Today, the Bills hired Chan Gailey to be their next head coach. He came out of the blue, a candidate that had received no discussion prior to news yesterday that he was being hired. So, it is time for followers of the Bills to do delayed due diligence. What should Bills fans think of the Gailey hiring? Gailey comes with an offensive background. He has served as an offensive coordinator in the NFL on four separate occasions. Let us start by examining those stints, move on to his time as an NFL coach, and wrap up with the implications he has for the Bills next season.
Gailey was first an offensive coordinator for the Denver Broncos in 1989 and 1990. The 1989 Broncos were 8th in the NFL in points and 15th in yards. The team went 11-5 and lost to the 49ers in the Super Bowl in the biggest Super Bowl blowout ever, scoring only 10 points. In 1990, the Broncos dropped to 16th in points but rose to 8th in yardage. The team dropped to 5-11, and Gailey was fired after the season. He was hired by the Pittsburgh Steelers as offensive coordinator for the 1996 and 1997 seasons. The 1996 Steelers went 10-6, finishing 11th in points and 15th in yardage. They bowed out in the second round of the playoffs. In 1997, the Steelers lost in the second round of the playoffs once again. They went 11-5, with the league’s 7th most points and 6th most yards. In each year, they lost to the eventual AFC champion. Jerry Jones was impressed enough that he hired Chan Gailey as his head coach in Dallas to replace Barry Switzer. We will look at that time in the next paragraph. After being fired in Dallas, Gailey was immediately hired as the Dolphins offensive coordinator for 2000 and 2001. The team was 11-5 each year. In 2000, they were 16th in points and 26th in yards, and the next season they were 8th in points and 21st in yards. He left Miami to spend 6 seasons as the head coach at Georgia Tech, going 44-33 and making a bowl every year. After being fired he spent the 2008 season as offensive coordinator for the Kansas City Chiefs. The Chiefs finished 2-14, with the 26th most points and 24th most yards. He was fired immediately before the start of the 2009 season.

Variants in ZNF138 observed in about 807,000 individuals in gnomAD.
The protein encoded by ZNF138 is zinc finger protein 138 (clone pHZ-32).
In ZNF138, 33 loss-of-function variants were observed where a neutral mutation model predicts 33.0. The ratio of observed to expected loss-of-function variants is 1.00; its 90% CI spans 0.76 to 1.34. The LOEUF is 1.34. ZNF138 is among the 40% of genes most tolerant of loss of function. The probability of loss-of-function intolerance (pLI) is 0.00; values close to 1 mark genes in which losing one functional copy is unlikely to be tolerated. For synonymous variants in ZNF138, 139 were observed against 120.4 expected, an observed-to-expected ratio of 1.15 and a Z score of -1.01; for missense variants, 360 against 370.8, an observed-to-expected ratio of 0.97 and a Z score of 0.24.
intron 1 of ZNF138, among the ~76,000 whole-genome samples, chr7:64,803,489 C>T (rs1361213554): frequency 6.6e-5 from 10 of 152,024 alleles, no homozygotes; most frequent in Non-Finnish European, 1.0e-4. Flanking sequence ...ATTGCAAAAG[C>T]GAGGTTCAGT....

For two seasons, Chan Gailey was head coach of the Dallas Cowboys. In 1998, the Cowboys were 10-6, winning the NFC East. They lost in the first round of the playoffs to Arizona. For the season, the Cowboys were 9th in points and 8th in yards, yet they only scored 7 in their one playoff game. In 1999, the Cowboys fell to 8-8, winning a wild card. They were 11th in points and 16th in yards. They fell to Minnesota in the first round, scoring 10 points. Gailey was fired and replaced by the immortal Dave Campo. Campo promptly reeled off three consecutive 5-11 seasons before himself being fired.
That is the resume. In Gailey’s 7 years as coordinator, including two coaching John Elway, his quarterback’s best passer rating was 80.3 by Jay Fiedler in 2001. It cannot be said that he ever made a quarterback better, but it also cannot be said he had much to work with in Pittsburgh, Miami, or Kansas City. What does this mean for Buffalo? First look at the offensive rankings. As an offensive coach, Gailey has never coordinated an offensive juggernaut. His best offense, and likely best team, was the 1997 Steelers, who had the misfortune of playing against a dominant Denver team. Gailey teams never cracked the top 5 in either points or yards. In every case except Pittsburgh and Miami, the offense got noticeably worse in his second season in charge. In those two cases, both teams improved slightly in year two. Gailey has never gotten to year 3. Regardless, his resume is substantially stronger than his predecessor Dick Jauron, but it is not particularly overwhelming.
It is hard to see Gailey as anything other that the Bills figuring they could not get anyone better. The Bills problems in 2009 were primarily offensive, as they finished 28th in points and 30th in yards. That is worse than any team Gailey has ever coached, so he is likely to bring some improvement. Playoffs? I see no reason to bet on it. Gailey is a decent coach when given good talent. The Bills have subpar talent. That strikes me as an ill-fated combination.